On Thursday, members of the Senate Banking Committee will examine that issue. The hearing, a joint effort between Banking's housing and securities subpanels, will feature testimony from FHFA's inspector general, as well as private lenders who are using principal forgiveness to protect investments.
Under the law, FHFA directors serve for five-year terms, while acting directors serve indefinitely, until a director is nominated and confirmed by the Senate.
Obama's one stab at filling the vacancy atop FHFA ended in failure. In November of 2010, the president tapped North Carolina Banking Commissioner Joseph Smith to head the agency, but Senate Republicans — notably Sen. Richard Shelby (Ala.), the ranking member of the Banking Committee — blocked the appointment.
Smith withdrew from the running two months later, and Obama has so far declined to nominate another figure.
The White House on Friday declined to comment for this story.
John Taylor, president and CEO of the National Community Reinvestment Coalition, a housing advocacy group, said it wouldn't benefit Obama to remove DeMarco until he's certain the replacement would focus more intently on foreclosure prevention.
"The process shouldn't just end up with the next in line [at FHFA]," Taylor said Friday. "He needs to get to the point where he's got somebody on the same team."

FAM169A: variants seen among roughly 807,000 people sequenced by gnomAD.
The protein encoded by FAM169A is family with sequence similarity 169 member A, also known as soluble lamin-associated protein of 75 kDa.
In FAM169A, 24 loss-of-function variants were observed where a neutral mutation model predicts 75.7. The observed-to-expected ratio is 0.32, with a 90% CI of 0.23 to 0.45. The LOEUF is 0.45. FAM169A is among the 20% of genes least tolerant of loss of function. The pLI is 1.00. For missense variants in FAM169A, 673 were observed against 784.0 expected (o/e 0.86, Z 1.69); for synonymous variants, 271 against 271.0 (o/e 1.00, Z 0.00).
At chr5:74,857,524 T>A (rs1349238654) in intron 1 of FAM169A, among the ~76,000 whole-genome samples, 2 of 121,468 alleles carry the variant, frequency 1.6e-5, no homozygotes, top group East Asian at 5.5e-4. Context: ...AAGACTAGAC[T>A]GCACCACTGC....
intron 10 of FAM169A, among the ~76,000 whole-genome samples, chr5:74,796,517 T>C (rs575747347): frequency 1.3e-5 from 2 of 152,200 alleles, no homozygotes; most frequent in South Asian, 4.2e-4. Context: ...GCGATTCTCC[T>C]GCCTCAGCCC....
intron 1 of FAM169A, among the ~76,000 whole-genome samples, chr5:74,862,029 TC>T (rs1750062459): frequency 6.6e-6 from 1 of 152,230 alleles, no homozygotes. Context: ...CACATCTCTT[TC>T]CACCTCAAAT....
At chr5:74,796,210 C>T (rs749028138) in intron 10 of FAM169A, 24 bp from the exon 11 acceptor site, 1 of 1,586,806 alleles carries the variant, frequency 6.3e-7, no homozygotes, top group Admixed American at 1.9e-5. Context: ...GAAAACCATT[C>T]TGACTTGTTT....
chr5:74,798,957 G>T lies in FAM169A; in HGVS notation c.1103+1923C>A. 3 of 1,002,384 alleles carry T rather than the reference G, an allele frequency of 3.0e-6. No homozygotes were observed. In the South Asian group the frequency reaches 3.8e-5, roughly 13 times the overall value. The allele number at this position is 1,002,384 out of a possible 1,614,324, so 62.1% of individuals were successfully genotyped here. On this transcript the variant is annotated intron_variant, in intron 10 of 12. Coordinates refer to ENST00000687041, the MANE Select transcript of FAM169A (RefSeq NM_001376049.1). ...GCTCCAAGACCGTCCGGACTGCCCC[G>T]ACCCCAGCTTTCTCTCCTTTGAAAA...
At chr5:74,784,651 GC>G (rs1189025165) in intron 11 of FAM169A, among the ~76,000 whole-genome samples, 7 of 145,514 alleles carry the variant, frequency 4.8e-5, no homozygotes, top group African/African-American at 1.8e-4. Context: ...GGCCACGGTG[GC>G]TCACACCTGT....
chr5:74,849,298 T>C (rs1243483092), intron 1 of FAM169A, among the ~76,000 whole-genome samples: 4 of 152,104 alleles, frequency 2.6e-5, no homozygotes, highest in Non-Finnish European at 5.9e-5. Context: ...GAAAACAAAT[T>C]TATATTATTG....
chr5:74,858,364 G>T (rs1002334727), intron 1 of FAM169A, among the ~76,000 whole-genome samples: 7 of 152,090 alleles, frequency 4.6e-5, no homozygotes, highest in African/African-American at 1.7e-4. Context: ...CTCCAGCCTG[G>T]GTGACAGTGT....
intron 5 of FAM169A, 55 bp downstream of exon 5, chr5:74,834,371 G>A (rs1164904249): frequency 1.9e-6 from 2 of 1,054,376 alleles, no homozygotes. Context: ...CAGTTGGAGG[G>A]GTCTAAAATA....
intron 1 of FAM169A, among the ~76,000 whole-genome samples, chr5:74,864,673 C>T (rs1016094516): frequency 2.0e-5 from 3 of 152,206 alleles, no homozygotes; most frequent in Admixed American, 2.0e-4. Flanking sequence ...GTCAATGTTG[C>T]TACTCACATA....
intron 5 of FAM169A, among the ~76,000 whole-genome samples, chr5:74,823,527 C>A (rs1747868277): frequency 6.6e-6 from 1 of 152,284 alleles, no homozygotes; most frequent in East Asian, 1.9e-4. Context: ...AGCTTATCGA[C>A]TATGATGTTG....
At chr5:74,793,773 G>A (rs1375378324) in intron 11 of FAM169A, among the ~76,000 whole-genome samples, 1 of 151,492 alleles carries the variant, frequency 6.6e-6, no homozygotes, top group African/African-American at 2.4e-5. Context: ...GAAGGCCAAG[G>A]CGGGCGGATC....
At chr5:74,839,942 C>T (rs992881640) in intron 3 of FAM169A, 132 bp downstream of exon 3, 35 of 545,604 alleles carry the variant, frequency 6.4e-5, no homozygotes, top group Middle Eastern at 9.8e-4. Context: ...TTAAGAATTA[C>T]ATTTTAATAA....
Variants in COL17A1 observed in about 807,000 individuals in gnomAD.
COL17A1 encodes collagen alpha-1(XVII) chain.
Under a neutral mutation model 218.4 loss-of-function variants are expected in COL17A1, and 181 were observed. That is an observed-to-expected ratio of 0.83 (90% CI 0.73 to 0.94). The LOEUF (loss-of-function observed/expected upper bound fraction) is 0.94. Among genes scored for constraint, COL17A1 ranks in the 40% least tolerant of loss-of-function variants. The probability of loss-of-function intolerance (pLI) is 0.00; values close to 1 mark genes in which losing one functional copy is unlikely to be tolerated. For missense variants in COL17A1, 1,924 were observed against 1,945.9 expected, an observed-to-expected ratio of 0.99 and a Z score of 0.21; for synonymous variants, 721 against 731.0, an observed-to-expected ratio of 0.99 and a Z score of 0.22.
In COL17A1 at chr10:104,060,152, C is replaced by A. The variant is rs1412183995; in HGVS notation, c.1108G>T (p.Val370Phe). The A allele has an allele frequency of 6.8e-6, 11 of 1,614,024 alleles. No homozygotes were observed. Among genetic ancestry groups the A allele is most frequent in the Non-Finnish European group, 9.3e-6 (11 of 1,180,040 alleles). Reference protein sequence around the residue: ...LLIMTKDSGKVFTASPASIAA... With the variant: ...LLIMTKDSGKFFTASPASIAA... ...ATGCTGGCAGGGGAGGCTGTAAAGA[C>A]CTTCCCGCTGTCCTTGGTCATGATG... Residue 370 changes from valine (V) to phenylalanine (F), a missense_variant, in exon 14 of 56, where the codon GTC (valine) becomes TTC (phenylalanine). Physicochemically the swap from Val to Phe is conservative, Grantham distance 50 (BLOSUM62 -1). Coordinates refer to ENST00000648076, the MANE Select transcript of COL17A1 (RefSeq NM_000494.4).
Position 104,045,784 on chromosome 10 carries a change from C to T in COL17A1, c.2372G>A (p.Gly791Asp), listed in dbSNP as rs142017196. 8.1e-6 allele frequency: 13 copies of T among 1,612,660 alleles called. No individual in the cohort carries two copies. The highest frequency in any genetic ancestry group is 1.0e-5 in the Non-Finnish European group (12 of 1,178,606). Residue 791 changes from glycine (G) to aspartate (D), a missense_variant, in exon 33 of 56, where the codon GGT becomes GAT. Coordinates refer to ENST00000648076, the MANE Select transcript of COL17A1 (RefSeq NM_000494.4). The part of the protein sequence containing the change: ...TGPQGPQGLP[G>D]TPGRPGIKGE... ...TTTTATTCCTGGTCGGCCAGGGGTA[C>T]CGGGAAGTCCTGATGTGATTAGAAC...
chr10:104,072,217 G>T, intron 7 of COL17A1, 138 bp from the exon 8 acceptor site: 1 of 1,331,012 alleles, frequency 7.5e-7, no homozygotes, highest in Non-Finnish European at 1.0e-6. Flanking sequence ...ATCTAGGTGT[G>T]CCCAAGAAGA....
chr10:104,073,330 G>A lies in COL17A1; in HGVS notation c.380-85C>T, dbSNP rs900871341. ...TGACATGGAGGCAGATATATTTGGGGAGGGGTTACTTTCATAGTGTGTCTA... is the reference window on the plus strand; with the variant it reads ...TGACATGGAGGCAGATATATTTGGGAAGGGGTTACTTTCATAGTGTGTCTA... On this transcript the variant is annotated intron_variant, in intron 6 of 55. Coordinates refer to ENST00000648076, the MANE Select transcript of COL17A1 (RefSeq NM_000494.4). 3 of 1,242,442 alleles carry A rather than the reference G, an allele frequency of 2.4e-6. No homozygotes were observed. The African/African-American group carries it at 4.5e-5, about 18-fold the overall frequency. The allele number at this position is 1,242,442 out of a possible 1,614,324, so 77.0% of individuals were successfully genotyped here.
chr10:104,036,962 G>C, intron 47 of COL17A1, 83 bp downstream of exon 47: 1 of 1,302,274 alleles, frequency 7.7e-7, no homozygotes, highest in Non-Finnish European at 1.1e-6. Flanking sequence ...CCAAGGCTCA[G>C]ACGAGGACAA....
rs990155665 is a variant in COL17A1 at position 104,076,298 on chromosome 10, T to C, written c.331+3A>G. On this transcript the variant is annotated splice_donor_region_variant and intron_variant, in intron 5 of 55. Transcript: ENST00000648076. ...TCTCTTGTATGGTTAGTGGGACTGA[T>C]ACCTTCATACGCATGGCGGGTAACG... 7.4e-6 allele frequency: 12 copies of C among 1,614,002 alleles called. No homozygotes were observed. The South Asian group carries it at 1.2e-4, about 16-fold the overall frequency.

Some Democrats and advocates have urged Obama to replace DeMarco using a recess appointment, like the president did in January when he named Richard Cordray to head the new Consumer Financial Protection Bureau (CFPB).
But Frank said it’s unlikely Obama would take that controversial step twice.
"Having done the CFPB recess, he doesn't want to do another one," Frank said.
Meanwhile, some housing advocates fear the debate over FHFA's anti-foreclosure efforts could become overly political at the expense of struggling homeowners.
David Abromowitz, a housing lawyer and senior fellow at the Center for American Progress, said he's worried the foreclosure-prevention issue will "get sidetracked" by a "partisan fight over the powers of the president."
"If this becomes a question of whether Obama can or can't get an appointment versus [whether] FHFA is doing a good job," he said, "then we'll lose a window of time when we could be preventing foreclosures."